Last night I was thinking about being in love. Felice wrote a great post a few years ago about love. In it she quoted 1 John 4:8:
He that loveth not knoweth not God; for God is love.
Felice is a single mom in search of a mate, but she thanks God every day that she is in love. She says, “That may not make sense, but I think it is key to happiness no matter what your relationship status” (Source).
What does it mean to be in love? Are you in love? What does it really mean to be in love? Some scriptures:
- “That Christ may dwell in your hearts by faith; that ye, being rooted and grounded in love, May be able to comprehend with all saints what is the breadth, and length, and depth, and height; And to know the love of Christ, which passeth knowledge, that ye might be filled with all the fulness of God” (Ephesians 3:16-19).
- “And he commanded them that there should be no contention one with another, but that they should look forward with one eye, having one faith and one baptism, having their hearts knit together in unity and in love one towards another” (Mosiah 18:21).
- “God is love; and he that dwelleth in love dwelleth in God, and God in him” (1 John 4:16).
- “There is no fear in love; but perfect love casteth out fear: because fear hath torment. He that feareth is not made perfect in love” (1 John 4:18).
In my essay “Unity with Providers of Care” in The Gift of Giving Life, I wrote about a BYU devotional I attended on the day after Valentine’s Day fifteen years ago. Elder Jeffrey R. Holland was the speaker. That devotional was titled: “How Do I Love Thee?“He explained: “The first element of divine love—pure love—taught by [Mormon and Paul] is its kindness, its selfless quality, its lack of ego and vanity and consuming self-centeredness.”
So it would seem that we cannot be “in love” if we are consumed with ourselves. The “natural man” is the ego-driven part of us. The natural man cannot be in love. The natural man is incapable of true love. These words from M. Catherine Thomas‘s The Godseed are instructive:
When a person is born into this world, the ego, with its own agenda and urge to control, begins to enlarge itself and veil the openness and freedom of our spiritual mind. Instead of seeing things as they really are, we see by the dim light of our ego-concerns and fears. Perhaps the main characteristic of the ego is that it behaves like a frightened child (The Godseed, p. 139-140).
It takes a lot of energy to keep the shadow buried and to suppress our multitude of fears. The result is energy depletion. On the emotional level, it is expressed as an inhibition of the capacity to love (Dr. David R Hawkins, qtd. on p. 166).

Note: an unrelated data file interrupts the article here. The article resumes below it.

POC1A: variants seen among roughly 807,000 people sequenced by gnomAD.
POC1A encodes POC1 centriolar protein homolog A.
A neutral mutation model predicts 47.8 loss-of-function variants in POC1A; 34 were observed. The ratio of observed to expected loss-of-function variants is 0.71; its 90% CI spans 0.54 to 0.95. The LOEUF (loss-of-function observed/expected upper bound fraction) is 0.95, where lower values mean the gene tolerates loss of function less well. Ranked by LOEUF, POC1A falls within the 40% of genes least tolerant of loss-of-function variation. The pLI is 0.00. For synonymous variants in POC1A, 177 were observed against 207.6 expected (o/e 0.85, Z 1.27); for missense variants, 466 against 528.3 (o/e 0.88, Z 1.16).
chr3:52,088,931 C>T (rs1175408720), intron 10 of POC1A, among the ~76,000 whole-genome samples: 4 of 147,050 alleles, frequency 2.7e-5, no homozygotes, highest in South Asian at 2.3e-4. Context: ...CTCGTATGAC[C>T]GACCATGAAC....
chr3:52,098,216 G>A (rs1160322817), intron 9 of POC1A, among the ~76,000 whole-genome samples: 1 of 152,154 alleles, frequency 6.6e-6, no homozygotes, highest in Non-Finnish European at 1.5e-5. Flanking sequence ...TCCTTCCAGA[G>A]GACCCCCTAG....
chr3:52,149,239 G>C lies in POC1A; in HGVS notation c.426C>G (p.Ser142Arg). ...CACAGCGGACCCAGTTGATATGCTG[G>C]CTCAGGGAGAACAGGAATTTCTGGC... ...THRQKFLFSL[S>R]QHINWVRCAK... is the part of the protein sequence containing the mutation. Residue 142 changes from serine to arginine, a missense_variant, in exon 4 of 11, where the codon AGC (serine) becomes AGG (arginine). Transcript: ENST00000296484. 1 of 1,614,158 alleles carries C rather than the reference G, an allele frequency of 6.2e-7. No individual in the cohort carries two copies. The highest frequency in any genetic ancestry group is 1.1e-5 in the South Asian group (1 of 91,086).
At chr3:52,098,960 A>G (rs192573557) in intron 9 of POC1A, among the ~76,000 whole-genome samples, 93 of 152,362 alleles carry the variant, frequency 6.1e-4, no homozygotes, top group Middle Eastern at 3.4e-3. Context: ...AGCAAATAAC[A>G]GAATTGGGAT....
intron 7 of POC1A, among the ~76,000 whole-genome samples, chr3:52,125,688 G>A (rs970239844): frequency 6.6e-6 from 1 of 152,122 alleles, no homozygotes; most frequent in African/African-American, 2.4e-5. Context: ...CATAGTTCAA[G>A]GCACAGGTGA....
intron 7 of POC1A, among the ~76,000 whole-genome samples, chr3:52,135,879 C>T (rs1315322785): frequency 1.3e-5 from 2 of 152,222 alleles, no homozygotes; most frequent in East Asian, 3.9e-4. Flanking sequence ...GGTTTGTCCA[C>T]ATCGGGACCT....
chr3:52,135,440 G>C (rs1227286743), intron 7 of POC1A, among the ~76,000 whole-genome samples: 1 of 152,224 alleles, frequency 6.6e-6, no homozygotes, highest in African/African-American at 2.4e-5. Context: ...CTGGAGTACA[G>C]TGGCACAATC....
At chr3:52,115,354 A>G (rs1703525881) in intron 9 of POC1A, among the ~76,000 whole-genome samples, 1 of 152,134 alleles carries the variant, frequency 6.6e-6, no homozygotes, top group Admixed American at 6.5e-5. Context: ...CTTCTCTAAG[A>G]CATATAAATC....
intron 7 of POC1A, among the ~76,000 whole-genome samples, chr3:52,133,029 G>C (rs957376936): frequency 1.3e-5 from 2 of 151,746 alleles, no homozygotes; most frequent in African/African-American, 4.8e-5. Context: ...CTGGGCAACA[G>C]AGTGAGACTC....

Fearing and wanting are [the ego’s] predominant emotions and motivating forces (Eckhard Tolle, qtd. on p. 176).
If you try to save your life you will bring yourself to ruin; if you bring yourself to nothing, you will find out who you are (Thomas Keating, qtd. on p. 195).
I’ve been thinking a lot about this concept lately… bringing yourself to nothing. It started at the beginning of January at the yoga/meditation retreat Felice taught. During one of the meditations she said, “Bring yourself to zero.” I haven’t been able to stop thinking about it, and I have made it my intention ever since.
A few months ago, while I was meditating, I saw in my mind the moon, changing phases. I was thinking about how the gate to the inner court of the temple was opened on the new moon (see Ezekiel 46:1-3). As Felice explained in her new moon blogpost: “It seems to me that if we are seeking Him, there is special opportunity on the Sabbath and the New Moon, when He ‘opens the gates to the inner court.’” I saw in my mind the new moon, empty. I saw the moon gradually filling up with light and becoming full. And then I saw it emptying again. I felt like God was trying to teach me something, but it took some pondering before I gathered it all up.
As I thought about it, I realized that just as the moon and the womb cycle through phases of fullness and emptiness, we too are meant to be continually emptying and filling. Just as the moon goes from full to new, we must pour out ourselves, our egos, our fears, our weapons of war, our grudges, our disappointments, our negative thoughts, our attachment to the world, etc. We must “bring ourselves to zero,” an empty moon, open and purified. Only then is there space for Christ to fill us up. Only with a pure heart, empty like the new moon, can we walk through the gate of the inner court and at-one with Christ, dwell in God, and become full… full moons, full of light, bursting through the dark of the night.
Bringing ourselves to zero can be painful. Unburying and discarding our ego-driven shadow selves is no small task. (Ego eradicator is a yoga technique that helps.) But it is worth the effort because something marvelous happens when we do. We enable ourselves to be in love. And to thank God every day that we are in love.
I’ll close with my favorite scripture of all time:
“Pray unto the Father with all the energy of heart, that ye may be filled with this love, which he hath bestowed upon all who are true followers of his Son, Jesus Christ; . . . that when he shall appear we shall be like him, for we shall see him as he is; that we may have this hope; that we may be purified even as he is pure. Amen” (Moroni 7:48).